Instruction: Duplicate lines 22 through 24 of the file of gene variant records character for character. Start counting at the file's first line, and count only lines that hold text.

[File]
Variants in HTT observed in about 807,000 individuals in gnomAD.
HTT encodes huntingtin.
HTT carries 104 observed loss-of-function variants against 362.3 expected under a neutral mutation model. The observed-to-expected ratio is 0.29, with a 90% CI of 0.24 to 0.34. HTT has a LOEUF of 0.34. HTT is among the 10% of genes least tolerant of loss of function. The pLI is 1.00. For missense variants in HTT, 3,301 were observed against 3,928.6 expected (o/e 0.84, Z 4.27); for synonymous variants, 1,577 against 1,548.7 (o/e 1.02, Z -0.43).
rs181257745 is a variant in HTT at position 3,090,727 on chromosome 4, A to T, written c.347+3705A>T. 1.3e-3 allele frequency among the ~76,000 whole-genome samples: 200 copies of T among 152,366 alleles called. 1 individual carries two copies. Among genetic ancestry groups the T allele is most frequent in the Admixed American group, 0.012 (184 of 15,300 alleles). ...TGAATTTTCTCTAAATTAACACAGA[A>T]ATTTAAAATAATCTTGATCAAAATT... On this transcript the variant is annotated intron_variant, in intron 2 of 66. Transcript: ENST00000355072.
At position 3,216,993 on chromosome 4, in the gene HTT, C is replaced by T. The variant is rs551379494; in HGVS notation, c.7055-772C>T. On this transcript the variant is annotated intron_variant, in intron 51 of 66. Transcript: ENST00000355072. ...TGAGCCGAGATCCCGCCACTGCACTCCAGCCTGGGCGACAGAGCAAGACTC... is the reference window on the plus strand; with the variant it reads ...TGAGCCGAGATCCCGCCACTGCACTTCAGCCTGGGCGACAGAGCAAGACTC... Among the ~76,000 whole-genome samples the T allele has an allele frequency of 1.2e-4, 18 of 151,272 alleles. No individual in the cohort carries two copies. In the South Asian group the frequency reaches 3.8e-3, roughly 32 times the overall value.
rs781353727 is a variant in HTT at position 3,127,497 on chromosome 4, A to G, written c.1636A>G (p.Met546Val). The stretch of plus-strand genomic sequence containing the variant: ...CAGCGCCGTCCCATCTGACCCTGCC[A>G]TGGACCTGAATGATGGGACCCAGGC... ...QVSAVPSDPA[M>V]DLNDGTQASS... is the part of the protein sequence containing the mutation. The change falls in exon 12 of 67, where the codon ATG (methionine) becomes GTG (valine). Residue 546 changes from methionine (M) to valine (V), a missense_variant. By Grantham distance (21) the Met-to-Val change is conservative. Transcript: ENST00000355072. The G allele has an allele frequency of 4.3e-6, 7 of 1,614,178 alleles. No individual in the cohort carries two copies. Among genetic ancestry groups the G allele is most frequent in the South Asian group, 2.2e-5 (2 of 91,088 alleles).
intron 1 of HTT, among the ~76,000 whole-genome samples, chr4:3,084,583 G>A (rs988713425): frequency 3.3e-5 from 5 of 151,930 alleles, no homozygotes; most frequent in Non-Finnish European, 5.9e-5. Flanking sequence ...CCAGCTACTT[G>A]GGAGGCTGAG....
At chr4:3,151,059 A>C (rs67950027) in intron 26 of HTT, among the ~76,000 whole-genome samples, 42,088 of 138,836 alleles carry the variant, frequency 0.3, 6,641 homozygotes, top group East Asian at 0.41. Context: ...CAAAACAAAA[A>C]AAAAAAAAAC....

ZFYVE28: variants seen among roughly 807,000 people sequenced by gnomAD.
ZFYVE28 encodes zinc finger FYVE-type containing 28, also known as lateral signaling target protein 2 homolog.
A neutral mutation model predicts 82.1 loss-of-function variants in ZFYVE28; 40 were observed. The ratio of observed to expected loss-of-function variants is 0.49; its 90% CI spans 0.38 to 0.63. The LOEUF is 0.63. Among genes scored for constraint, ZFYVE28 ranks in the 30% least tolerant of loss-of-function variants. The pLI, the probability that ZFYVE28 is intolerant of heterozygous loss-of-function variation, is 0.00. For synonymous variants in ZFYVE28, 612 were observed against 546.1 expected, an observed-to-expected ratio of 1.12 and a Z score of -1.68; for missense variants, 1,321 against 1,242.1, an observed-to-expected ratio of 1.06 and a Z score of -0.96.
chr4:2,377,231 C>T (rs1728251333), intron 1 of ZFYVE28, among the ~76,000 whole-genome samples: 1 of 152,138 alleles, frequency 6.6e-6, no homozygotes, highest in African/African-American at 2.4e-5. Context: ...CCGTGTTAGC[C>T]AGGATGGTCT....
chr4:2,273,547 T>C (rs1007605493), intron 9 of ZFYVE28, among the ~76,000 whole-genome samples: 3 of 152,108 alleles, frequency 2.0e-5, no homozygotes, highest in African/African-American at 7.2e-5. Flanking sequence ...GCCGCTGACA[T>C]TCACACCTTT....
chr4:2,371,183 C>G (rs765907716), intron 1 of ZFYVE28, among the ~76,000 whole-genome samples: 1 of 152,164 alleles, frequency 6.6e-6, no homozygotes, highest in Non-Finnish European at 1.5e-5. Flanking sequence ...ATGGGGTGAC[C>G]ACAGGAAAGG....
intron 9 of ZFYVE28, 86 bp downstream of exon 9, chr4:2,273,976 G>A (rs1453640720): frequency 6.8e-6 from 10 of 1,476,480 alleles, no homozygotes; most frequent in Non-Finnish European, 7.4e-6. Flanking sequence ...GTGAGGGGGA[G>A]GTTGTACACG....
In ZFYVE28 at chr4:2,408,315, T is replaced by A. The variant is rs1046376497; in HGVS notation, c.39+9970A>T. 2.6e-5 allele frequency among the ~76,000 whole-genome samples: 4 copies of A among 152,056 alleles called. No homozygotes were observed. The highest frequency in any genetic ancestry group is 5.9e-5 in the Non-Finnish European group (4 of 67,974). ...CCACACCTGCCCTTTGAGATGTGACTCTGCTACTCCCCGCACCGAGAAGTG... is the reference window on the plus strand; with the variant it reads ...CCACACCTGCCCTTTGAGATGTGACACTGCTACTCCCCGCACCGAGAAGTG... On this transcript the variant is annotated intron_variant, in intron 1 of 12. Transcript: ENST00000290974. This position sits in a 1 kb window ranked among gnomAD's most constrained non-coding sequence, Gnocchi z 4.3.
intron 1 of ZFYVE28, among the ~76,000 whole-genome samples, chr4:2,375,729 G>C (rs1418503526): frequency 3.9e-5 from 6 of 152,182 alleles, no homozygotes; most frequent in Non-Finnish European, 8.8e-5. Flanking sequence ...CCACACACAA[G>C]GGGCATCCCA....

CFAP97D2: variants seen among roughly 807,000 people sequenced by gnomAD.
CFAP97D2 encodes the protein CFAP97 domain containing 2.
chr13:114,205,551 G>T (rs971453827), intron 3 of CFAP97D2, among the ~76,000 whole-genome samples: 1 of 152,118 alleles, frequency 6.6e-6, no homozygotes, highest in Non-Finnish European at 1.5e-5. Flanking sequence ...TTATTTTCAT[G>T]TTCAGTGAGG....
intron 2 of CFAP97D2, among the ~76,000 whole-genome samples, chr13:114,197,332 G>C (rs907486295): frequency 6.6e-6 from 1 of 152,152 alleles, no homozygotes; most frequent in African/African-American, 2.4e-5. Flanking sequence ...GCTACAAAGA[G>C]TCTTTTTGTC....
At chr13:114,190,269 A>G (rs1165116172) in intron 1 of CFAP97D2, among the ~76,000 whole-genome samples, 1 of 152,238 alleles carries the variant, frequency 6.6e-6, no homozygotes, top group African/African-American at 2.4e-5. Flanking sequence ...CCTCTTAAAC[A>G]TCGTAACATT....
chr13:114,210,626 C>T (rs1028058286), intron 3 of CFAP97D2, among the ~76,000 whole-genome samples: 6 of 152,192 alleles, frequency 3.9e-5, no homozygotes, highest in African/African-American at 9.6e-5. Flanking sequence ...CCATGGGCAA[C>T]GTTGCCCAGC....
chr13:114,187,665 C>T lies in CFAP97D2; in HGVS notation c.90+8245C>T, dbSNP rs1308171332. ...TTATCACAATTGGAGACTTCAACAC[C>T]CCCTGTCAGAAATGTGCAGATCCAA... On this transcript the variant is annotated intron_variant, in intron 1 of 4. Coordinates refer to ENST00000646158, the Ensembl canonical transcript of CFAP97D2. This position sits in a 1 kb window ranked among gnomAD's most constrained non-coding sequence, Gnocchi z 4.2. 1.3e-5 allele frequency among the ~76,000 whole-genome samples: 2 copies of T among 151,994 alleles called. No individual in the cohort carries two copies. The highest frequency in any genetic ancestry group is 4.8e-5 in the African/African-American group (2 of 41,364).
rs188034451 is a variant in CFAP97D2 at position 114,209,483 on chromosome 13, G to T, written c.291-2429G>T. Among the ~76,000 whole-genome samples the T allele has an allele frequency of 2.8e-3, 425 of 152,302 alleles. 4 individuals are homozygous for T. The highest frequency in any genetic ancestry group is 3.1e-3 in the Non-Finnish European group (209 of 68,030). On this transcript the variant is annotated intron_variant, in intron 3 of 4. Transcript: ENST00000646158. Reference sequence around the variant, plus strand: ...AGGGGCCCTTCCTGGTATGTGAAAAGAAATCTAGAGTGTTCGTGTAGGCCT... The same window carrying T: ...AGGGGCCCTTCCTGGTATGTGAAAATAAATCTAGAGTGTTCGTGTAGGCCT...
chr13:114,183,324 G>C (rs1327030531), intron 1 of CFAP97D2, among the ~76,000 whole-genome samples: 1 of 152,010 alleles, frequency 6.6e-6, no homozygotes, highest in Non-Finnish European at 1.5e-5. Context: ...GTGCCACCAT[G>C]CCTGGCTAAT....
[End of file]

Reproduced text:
At chr13:114,190,269 A>G (rs1165116172) in intron 1 of CFAP97D2, among the ~76,000 whole-genome samples, 1 of 152,238 alleles carries the variant, frequency 6.6e-6, no homozygotes, top group African/African-American at 2.4e-5. Flanking sequence ...CCTCTTAAAC[A>G]TCGTAACATT....
chr13:114,210,626 C>T (rs1028058286), intron 3 of CFAP97D2, among the ~76,000 whole-genome samples: 6 of 152,192 alleles, frequency 3.9e-5, no homozygotes, highest in African/African-American at 9.6e-5. Flanking sequence ...CCATGGGCAA[C>T]GTTGCCCAGC....
chr13:114,187,665 C>T lies in CFAP97D2; in HGVS notation c.90+8245C>T, dbSNP rs1308171332. ...TTATCACAATTGGAGACTTCAACAC[C>T]CCCTGTCAGAAATGTGCAGATCCAA... On this transcript the variant is annotated intron_variant, in intron 1 of 4. Coordinates refer to ENST00000646158, the Ensembl canonical transcript of CFAP97D2. This position sits in a 1 kb window ranked among gnomAD's most constrained non-coding sequence, Gnocchi z 4.2. 1.3e-5 allele frequency among the ~76,000 whole-genome samples: 2 copies of T among 151,994 alleles called. No individual in the cohort carries two copies. The highest frequency in any genetic ancestry group is 4.8e-5 in the African/African-American group (2 of 41,364).